People engagement: Solving the productivity puzzle

We have the most advanced technology in human history yet are currently mired in the longest and most sustained period of declining people productivity since measurement began in the early 20th century.

This is not just in the West but is the case around the world and across industries – organisations large and small. The decline began in 2010, while we were in the throes of the “Great Recession” and has continued ever since. Surely the coronavirus pandemic has not helped this, right? Well, probably not, however it may have lit the fuse under a solution. That may be People Engagement, Innovation and Performance.

people engagementThis conundrum is something that has caught my attention and is something that I have been researching to better understand. When I sat down to mull over the challenges impacting productivity, I asked myself: are we measuring productivity correctly? Why doesn’t all our new technology help solve the problem? Not every organization has issues with productivity, what do they do differently than others?

Which led me to draw on my rather long career as an HR management consultant at large enterprises such as Accenture and IBM, as well as my time as the Managing Director of a medium sized organisation of just over 300 people. As I went back through the many companies (big and small) that I worked with, I kept coming back to the things I observed that top performing companies do very well:

  1. They are exceptionally good at getting the right people, in the right place, with the right skills, at the right time, with the right motivation
  2. They are very adept at aligning people to increasingly intelligent technology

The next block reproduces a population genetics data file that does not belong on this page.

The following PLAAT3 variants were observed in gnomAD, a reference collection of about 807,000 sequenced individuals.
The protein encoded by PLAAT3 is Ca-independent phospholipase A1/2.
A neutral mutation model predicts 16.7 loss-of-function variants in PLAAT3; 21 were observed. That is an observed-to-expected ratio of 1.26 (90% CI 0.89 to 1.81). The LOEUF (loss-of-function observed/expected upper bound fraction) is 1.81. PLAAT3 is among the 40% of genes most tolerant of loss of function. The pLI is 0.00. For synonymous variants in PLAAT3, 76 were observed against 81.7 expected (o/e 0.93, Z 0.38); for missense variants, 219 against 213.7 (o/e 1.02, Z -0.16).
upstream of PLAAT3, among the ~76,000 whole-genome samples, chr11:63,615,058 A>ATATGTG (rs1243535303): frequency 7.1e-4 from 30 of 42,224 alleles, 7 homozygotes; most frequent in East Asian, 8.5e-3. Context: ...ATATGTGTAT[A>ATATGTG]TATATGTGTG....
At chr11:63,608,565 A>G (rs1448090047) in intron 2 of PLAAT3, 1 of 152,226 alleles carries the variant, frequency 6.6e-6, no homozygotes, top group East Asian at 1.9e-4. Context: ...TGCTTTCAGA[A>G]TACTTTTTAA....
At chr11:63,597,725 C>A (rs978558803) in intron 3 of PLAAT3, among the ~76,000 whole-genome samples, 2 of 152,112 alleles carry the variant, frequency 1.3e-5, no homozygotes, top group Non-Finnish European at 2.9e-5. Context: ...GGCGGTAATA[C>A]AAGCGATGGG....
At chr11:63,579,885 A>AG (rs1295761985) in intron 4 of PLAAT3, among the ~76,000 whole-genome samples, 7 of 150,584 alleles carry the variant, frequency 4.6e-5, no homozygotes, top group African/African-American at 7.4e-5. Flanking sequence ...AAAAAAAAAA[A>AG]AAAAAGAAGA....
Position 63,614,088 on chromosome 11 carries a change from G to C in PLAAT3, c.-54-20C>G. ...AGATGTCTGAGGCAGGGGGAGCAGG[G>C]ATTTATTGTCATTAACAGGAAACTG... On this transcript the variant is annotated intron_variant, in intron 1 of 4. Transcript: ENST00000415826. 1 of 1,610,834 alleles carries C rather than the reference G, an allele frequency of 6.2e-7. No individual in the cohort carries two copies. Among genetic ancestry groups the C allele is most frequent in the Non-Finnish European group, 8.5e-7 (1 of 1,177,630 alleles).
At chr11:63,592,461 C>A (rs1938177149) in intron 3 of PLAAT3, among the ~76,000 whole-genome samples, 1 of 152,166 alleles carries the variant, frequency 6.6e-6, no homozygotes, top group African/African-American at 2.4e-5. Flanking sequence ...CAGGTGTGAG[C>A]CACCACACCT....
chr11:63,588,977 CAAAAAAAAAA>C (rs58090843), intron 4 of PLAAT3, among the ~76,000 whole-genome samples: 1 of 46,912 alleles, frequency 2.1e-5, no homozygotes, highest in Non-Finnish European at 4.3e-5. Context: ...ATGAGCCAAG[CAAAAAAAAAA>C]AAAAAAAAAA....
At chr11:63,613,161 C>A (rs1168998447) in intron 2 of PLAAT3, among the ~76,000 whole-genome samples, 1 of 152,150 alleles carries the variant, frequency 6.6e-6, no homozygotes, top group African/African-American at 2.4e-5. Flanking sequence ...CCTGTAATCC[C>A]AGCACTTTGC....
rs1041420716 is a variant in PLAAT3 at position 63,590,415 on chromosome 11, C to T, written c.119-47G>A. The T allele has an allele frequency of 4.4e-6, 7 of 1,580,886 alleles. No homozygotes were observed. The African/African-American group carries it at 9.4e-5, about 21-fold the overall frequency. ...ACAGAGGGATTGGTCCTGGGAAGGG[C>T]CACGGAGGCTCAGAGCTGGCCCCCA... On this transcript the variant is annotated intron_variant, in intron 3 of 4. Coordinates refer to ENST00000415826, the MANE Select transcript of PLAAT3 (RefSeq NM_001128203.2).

These organisations have this mindset embedded in the management ranks and put in place the processes and technology to take advantage of this capability. First, because they create highly engaged workforces, second because it is very clear what work there is to be done and who will do it, and lastly, they have the tools and processes to work effectively no matter where the work is being done.

This capability is summarised in an “equation” I call PEIP – People Engagement, Innovation and Performance

It is this kind of “working smarter” that I believe is going to reverse the productivity decline trend. I think the current crisis is going to put a real focus on thinking and doing differently and therefore a fuse has been lit to help us solve the challenge. With more and more people working from home in a distributed manner, it is requiring organizations to change the mindset, change processes and implement human-centric technologies that will help, not hinder, workers to be successful.

Which brings us to the second aspect of the solution. If we take PEIP, as above, and turbo-charge it with emerging AI and machine learning, to augment humans, we create the potential for a quantum leap in our ability produce more (creating a bigger pie to divided up) and create a healthier and wealthier society for our children and grandchildren.

AI and machine learning are enormous opportunities to improve people productivity. Smart technology isn’t about replacing humans; quite the opposite. It should wrap around and augment humans, making them better at their jobs. Like how cars evolved from slow moving, uncomfortable horse-less carriages to what will soon be semi or completely autonomous vehicles. Cars have become an extension of human beings initially allowing them to go farther and faster than before and now becoming increasingly comfortable and intelligent making them more efficient and safer, by reducing human effort and potential for error.

This new way of working is not always dependent on size of organisation or industry. In my experience organisations with 150 or more employees are not that different in requirements from large enterprises. Once your organisation gets above the size of “everyone knows everybody else” you need to consider implementing PEIP, turbo-charged with smart technologies to take the next leap in performance and growth.

Certainly the shock of the coronavirus pandemic has had a negative impact on our job performance, and on overall productivity however, the enforced working at a distance, using technology to help us just may be the revelation we need to think and do differently. We could be on the cusp of something truly revolutionary. Sometimes a crisis comes along and knocks us on to a new and better path. Which may be towards People Engagement, Innovation and Performance. Is this one of those moments and what will you do about it?

Tim Ringo is an author, speaker, board advisor, and senior executive. His new book Solving the Productivity Puzzle published with Kogan Page is out now